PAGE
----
From a global perspective, conditions and prospects for the remainder of the year appear largely positive. In Q1, confidence grew across Western Europe, economic recovery in Latin America looks promising in key markets, FMCG sales in North America performed well, and growing disposable incomes...
Navigating the FMCG landscape has become difficult. It’s not just the consumer path-to-purchase that’s grown in complexity. The playing field for manufacturers and retailers has evolved as well.
There’s no denying the impact that e-commerce is having on overall FMCG sales. While e-commerce has driven 7% of all U.S. FMCG sales this year, it’s driven nearly all the growth.
Backed by improving global consumer confidence, many regions are seeing improved conditions for businesses and the fast-moving consumer goods industry. Here, we’ll look at trends in a few select countries.
Consumers globally were more confident in the second quarter of 2017 than at the end of 2016, but concerns remain. So where are consumers spending any extra cash and cutting back on expenses?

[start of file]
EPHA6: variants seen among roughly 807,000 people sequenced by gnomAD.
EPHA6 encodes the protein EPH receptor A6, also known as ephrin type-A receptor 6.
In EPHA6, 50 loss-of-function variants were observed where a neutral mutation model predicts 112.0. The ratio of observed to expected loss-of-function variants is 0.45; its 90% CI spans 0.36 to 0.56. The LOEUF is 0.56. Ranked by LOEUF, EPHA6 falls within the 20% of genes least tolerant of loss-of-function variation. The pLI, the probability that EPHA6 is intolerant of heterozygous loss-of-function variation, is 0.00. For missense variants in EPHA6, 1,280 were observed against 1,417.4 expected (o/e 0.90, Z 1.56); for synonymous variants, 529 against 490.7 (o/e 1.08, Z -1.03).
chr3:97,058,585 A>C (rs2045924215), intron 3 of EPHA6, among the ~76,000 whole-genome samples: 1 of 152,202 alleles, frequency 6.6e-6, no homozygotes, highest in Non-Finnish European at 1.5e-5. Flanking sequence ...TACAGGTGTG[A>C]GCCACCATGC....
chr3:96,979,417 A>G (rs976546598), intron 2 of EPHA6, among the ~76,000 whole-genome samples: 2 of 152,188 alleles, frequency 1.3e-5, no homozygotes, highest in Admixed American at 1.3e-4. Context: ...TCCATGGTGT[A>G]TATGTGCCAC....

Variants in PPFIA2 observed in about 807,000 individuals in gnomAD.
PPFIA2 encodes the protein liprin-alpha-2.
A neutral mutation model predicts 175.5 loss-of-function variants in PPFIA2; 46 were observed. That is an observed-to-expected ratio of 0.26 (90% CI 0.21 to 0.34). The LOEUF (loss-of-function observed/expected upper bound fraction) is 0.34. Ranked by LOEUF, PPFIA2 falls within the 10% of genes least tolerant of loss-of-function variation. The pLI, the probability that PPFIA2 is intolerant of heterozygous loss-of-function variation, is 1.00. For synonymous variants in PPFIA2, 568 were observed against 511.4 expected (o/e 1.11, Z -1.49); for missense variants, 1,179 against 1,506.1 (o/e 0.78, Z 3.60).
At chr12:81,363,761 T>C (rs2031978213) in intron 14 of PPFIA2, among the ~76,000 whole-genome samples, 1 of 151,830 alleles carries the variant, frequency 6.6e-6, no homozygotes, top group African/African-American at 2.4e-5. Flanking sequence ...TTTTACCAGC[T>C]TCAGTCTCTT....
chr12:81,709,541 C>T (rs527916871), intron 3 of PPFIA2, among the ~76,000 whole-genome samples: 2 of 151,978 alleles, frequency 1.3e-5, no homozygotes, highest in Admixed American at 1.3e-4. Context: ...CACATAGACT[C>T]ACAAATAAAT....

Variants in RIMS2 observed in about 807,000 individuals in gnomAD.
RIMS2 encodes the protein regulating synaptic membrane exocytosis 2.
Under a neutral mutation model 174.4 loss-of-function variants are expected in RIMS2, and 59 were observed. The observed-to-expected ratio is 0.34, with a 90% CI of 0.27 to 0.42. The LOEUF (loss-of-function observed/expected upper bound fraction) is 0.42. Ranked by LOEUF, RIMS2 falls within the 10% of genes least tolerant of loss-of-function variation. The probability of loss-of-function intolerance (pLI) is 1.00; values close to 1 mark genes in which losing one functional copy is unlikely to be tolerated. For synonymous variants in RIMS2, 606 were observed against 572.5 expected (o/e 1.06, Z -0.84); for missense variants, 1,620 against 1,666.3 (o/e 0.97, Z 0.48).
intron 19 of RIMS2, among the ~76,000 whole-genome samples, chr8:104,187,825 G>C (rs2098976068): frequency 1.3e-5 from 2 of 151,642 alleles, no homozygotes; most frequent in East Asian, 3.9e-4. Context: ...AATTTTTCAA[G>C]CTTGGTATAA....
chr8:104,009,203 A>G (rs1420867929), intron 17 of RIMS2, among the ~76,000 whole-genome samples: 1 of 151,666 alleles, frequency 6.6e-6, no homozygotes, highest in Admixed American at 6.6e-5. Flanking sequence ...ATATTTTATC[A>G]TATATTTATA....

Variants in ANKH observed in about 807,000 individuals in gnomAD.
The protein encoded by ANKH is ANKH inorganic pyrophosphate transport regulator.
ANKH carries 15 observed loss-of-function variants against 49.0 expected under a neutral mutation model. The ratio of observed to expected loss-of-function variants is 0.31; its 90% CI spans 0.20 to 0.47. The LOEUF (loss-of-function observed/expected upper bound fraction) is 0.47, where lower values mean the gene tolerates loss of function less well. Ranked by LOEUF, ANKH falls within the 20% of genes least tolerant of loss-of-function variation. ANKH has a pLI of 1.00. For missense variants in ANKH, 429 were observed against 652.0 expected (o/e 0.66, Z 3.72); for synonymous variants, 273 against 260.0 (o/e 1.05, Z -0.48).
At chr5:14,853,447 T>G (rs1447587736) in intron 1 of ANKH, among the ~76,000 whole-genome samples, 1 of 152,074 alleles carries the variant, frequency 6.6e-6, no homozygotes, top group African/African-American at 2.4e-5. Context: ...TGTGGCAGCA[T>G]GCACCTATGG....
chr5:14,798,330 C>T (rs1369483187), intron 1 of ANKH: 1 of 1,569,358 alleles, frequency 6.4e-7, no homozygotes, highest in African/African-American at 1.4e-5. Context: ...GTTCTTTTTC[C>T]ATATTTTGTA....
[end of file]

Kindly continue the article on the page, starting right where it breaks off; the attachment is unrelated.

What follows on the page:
Global consumer confidence showed signs of continued improvement in the second quarter of 2017, with an index score of 104, which was up three points from quarter four 2016.
In 2016, the fast-moving consumer goods (FMCG) industry saw a slowdown in revenue. Finding an upside can be tough in this new environment when it’s overshadowed by macro-scale challenges, but the good news is, it was a “glass half full” slowdown.
Global consumer confidence increased modestly in 2016, a time of great political and economic change around the world, rising three points between the first and fourth quarters to 101. Confidence scores finished the year more strongly than they began in every region except Africa/Middle East.
Amid great political and economic change around the world, global consumer confidence moved modestly in 2016, rising three points between the first and fourth quarter to 101.
People are fundamentally shopping differently today than they used to just five years ago. Canadian consumers are taking fewer trips to the store and changing the traditional path to purchase and offering fewer chances for retailers and manufacturers to engage. With the shopper journey shifting,...